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over proposed mandatory HIV-testing
Mbanje, The Standard (Zimbabwe)
August 25, 2013
Human rights activists
and members of the public have expressed outrage at Sadc’s
proposal to initiate a compulsory universal HIV- testing in all
member states, as a means to reduce new infections.
The idea was initiated
by President Robert Mugabe during the Aids Watch Africa briefing
at the just-ended Sadc summit in Malawi.
It received a lot of
support from other leaders, who felt that drastic measures were
now required to contain the scourge.
However, members of the
public and human rights activists have received the news with varied
responses, with many openly opposing the idea.
Mandatory HIV and Aids-testing
has always been fraught with emotion, misunderstanding and lack
Regionally and internationally,
it has failed to be implemented due to its implications on human
“No matter how
grave the situation, HIV-testing should always be on voluntary basis
if we want to see the required results,” said Tafadzwa Ruwende,
a male student nurse.
“I do not understand
why heads of state would even try to initiate a debate on that issue.
It is unethical, just as it is in contravention of basic human rights.
In a world where we champion the right to choose, mandatory testing
is not an option,” he said.
A nurse counsellor
Services International (PSI) said it defied logic that the subject
should be introduced at this point, when great strides had already
been made using the voluntary testing method.
“As a counsellor,
when a client comes for testing it is stressed that they are doing
so voluntarily. If at any point during the session the client feels
they no longer want to continue, we end it right there,” she
“The success of
the counselling session and the measures that follow thereafter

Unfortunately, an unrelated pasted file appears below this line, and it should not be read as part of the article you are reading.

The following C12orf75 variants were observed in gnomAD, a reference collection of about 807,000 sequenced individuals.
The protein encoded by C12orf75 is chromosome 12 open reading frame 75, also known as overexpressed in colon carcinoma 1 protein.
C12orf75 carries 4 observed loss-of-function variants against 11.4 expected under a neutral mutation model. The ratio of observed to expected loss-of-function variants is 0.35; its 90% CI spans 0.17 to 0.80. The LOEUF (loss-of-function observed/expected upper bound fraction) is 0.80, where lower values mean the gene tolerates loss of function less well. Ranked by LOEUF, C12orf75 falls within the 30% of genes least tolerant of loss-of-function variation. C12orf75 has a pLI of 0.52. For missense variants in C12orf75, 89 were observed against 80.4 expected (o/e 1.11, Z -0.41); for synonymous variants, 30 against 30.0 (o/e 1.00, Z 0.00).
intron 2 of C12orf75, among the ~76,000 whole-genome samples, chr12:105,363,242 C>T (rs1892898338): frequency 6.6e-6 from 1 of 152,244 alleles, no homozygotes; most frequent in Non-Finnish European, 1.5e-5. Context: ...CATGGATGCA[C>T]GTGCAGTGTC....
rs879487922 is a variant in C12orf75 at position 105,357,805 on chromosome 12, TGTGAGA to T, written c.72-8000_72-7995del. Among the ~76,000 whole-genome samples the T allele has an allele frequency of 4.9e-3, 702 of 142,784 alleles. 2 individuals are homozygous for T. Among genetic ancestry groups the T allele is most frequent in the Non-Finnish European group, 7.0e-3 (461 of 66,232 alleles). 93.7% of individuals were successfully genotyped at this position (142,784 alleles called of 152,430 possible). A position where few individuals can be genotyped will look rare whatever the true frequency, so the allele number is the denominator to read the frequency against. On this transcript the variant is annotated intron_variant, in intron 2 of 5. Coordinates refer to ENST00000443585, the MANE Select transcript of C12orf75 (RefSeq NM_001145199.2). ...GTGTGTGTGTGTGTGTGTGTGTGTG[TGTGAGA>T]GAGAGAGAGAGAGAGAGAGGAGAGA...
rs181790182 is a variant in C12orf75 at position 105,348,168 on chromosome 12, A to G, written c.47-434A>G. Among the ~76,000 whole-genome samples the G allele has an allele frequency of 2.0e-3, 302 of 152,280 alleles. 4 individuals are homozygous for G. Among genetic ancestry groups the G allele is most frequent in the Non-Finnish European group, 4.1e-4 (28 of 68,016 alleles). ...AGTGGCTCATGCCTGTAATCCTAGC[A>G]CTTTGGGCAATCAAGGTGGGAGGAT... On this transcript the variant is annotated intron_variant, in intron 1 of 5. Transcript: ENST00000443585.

like treatment plans, are premised on how ready the client is to
know their status. If one is forced, they may not be able to deal
with their results should they turn out to be positive.”
Choga Mahoto from Waterfalls
in Harare had no kind words for Malawian President, Joyce Banda
for equating HIV and Aids to epidemics like polio, whereby everyone
is forced to take vaccines against the disease.
“It is worrying
when a head of state says HIV-testing should just be like taking
a vaccine for polio. HIV and Aids have many issues like stigma,
which makes it difficult to equate them with other diseases,”
Banda came out strongly
supporting Mugabe at the summit, saying there was no need to bring
in the human rights aspect.
“When we were dealing
with epidemics like polio, everybody was forced to take vaccines.
Why is it that when it comes to HIV and Aids, rights come into the
equation?” said Banda.
on the issue, the chairperson for the Zimbabwe
Association of Doctors for Human Rights (ZADHR), Rutendo Bonde
said the move was a violation of basic human rights.
“Consent is the
pivotal principle in any medical procedure. If you take that away,
then we have big problems,” she said.
Another member of ZADHR,
who declined to be named, said the organisation was mooting issuing
out a statement on the issue of mandatory testing.
Bonde would neither confirm
nor deny that ZADHR would issue a statement, saying she would only
comment after having a board meeting, scheduled for yesterday.
However, besides the
ethical and rights issues of mandatory HIV and Aids-testing, there
are logistics and the costs to consider as well because those who
would have tested positive would eventually be put on anti-retroviral
Aids Council said about 1,2 million people were living with
HIV in Zimbabwe and 600 000 of them were in need of anti-retroviral
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